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Recent JDs offer insider tips on thriving on Capitol Hill

At the Spring Conference of the ABA Young Lawyers Division, held May 2-4 in Washington, D.C., four congressional staffers shared their experiences using their law degrees on Capitol Hill.

Bobby McMillin
General counsel to the Senate Committee on Health, Education, Labor and Pensions

Day-to-day: McMillin says his work depends on the needs of the committee chairman, Sen. Lamar Alexander (R-Tenn.), who has prioritized lowering healthcare costs. Otherwise he is focused on constitutional issues as they pertain to education.

Road to the Hill: McMillin was a journalism major in college, but wasn’t interested in the expected job of reporter, ending up as a press aide on the Hill. After going to law school and practicing at a firm, he worked on now Utah Sen. Mitt Romney’s 2012 presidential campaign, then for Sen. Saxby Chambliss (R-Ga.) before settling in at the Senate committee.

Jennifer DeCasper
Chief of staff for Sen. Tim Scott (R-S.C.)

Day-to-day: “Giant babysitter,” DeCasper kids. Also, policy and work on the senator’s re-election campaign. DeCasper says she tries to align everything coming out of the office with who she believes the senator is “and who the people elected him to be.”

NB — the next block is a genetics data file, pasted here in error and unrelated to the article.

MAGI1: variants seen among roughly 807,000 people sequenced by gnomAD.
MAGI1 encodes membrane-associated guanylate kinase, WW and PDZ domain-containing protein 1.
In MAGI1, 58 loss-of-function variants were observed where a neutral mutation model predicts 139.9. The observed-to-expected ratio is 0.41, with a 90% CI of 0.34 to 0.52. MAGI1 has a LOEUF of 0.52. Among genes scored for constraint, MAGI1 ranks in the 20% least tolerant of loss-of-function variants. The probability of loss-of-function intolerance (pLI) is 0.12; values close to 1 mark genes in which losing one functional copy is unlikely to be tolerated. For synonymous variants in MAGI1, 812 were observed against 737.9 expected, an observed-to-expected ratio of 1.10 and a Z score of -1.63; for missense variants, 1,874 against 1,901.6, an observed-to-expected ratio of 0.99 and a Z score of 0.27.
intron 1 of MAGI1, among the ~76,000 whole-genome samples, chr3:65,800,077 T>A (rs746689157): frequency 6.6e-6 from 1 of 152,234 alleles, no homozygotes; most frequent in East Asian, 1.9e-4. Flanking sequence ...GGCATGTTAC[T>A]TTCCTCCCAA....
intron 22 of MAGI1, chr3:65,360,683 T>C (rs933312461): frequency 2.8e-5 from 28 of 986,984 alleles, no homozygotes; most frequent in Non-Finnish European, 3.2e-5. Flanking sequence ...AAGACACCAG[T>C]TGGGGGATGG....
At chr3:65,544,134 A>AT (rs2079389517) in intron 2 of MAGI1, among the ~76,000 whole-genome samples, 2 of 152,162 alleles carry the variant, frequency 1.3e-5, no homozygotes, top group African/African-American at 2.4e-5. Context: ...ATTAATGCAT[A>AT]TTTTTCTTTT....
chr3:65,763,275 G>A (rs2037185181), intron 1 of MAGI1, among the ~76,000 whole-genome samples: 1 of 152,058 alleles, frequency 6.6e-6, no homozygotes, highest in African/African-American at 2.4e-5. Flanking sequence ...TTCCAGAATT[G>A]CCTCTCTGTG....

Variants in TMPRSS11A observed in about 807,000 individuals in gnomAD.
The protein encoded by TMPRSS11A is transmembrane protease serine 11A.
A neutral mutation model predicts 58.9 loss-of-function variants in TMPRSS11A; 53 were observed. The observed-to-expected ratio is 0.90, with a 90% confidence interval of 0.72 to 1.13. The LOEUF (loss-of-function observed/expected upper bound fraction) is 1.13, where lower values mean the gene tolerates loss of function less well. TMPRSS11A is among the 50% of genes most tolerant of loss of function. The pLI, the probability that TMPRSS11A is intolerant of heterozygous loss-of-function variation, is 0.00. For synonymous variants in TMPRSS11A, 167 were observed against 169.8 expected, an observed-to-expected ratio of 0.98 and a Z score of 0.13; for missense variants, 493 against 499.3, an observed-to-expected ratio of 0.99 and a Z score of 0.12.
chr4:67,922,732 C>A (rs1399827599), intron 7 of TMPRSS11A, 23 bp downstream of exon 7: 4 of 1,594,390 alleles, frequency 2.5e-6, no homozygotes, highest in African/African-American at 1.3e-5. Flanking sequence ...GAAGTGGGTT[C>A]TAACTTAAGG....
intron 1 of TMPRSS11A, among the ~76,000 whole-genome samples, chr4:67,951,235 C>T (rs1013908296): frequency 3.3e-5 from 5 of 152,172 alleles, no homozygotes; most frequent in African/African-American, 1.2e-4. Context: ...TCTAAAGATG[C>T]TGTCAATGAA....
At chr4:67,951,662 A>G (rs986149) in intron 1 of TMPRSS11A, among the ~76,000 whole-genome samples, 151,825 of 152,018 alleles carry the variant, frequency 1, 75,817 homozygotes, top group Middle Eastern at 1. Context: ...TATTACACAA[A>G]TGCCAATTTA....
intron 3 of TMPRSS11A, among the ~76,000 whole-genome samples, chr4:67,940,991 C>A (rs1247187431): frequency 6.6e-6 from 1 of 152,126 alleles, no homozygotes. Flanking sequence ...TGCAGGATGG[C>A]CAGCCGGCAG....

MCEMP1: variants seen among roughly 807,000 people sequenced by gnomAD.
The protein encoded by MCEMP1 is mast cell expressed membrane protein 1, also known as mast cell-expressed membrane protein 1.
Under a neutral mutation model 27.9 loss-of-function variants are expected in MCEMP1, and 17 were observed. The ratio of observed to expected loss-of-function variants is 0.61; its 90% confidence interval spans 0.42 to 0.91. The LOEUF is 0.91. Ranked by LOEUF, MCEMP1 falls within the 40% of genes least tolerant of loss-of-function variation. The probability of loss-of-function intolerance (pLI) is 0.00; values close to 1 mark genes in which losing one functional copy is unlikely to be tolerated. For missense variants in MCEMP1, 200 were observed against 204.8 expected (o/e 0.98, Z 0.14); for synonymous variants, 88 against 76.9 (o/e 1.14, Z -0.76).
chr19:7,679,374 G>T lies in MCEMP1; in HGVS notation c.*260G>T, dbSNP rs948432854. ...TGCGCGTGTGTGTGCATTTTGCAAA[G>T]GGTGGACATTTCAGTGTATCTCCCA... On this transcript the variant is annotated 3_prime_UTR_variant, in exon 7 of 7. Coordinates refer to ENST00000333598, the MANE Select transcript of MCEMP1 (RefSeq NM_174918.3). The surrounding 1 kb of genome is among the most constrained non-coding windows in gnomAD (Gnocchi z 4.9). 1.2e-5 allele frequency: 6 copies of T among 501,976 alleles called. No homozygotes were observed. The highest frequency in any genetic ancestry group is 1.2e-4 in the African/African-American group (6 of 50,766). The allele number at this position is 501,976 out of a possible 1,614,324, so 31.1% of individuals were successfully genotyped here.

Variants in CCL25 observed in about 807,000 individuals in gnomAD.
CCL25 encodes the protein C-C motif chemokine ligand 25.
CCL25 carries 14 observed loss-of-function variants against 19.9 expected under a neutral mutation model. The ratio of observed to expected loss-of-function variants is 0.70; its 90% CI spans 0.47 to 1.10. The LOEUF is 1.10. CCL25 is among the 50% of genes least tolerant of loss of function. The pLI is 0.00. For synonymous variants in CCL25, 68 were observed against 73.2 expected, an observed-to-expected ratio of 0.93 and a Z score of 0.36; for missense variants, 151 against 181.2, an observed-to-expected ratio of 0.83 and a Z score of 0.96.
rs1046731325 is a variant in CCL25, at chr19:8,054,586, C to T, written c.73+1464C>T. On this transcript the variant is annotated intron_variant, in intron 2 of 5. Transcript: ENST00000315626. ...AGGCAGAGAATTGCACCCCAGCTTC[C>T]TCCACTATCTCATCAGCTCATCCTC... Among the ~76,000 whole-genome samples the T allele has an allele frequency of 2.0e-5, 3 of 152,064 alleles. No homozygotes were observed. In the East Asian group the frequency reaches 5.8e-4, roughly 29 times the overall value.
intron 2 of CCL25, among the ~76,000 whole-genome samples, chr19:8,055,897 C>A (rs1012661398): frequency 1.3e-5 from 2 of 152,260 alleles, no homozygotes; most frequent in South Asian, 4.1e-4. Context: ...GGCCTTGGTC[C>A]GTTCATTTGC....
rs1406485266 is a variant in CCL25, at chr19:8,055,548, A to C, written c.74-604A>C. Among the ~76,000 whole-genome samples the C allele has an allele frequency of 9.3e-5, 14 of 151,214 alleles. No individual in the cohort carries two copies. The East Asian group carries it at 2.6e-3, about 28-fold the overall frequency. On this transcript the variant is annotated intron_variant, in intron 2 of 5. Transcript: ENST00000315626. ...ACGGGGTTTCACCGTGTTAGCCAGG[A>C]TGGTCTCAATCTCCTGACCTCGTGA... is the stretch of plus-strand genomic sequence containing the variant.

Road to the Hill: DeCasper wanted to go into fashion design, but a professor told her she’s so argumentative that she should intern on the Hill. She did, then left for law school and worked as a prosecutor. Now she’s back.

Eric Fins
Legislative counsel for Rep. Joseph P. Kennedy III (D-Mass.)

Day-to-Day: Fins calls himself an “information filter” for the congressman, and says he works on every issue, but particularly energy, the environment and immigration.

Road to the Hill: Fins came to Washington during college to intern for a congressman and knew he wanted to come back.

Kadeem Cooper
Counsel to the House Committee on Oversight and Reform

Day-to-Day: Cooper works on everything from prescription drug prices to ethics laws, to financial disclosures, to the need to revise voting rights laws. While the committee is “very limited legislatively,” he says, it has oversight jurisdiction “over any matter at any time under the House rules,” resulting in his varied areas of focus.